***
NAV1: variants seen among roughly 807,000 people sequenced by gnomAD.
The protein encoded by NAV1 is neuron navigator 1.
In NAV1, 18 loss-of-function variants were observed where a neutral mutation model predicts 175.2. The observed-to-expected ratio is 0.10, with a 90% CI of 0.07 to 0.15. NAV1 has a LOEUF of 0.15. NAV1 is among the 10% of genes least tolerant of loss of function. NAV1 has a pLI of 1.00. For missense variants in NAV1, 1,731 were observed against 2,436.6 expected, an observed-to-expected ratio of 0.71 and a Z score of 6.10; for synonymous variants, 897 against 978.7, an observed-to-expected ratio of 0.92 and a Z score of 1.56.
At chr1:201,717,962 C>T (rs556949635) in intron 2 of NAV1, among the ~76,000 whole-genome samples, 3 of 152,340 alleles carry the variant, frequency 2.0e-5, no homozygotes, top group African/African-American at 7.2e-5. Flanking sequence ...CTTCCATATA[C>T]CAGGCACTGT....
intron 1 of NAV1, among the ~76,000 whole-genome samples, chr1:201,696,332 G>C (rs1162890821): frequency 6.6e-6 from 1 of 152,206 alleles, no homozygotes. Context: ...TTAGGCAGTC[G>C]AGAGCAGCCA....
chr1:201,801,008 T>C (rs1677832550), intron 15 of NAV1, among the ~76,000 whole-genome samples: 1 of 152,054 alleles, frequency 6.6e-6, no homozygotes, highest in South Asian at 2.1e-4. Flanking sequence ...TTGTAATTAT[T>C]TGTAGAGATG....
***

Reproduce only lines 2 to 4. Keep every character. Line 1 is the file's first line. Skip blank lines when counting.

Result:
The protein encoded by NAV1 is neuron navigator 1.
In NAV1, 18 loss-of-function variants were observed where a neutral mutation model predicts 175.2. The observed-to-expected ratio is 0.10, with a 90% CI of 0.07 to 0.15. NAV1 has a LOEUF of 0.15. NAV1 is among the 10% of genes least tolerant of loss of function. NAV1 has a pLI of 1.00. For missense variants in NAV1, 1,731 were observed against 2,436.6 expected, an observed-to-expected ratio of 0.71 and a Z score of 6.10; for synonymous variants, 897 against 978.7, an observed-to-expected ratio of 0.92 and a Z score of 1.56.
At chr1:201,717,962 C>T (rs556949635) in intron 2 of NAV1, among the ~76,000 whole-genome samples, 3 of 152,340 alleles carry the variant, frequency 2.0e-5, no homozygotes, top group African/African-American at 7.2e-5. Flanking sequence ...CTTCCATATA[C>T]CAGGCACTGT....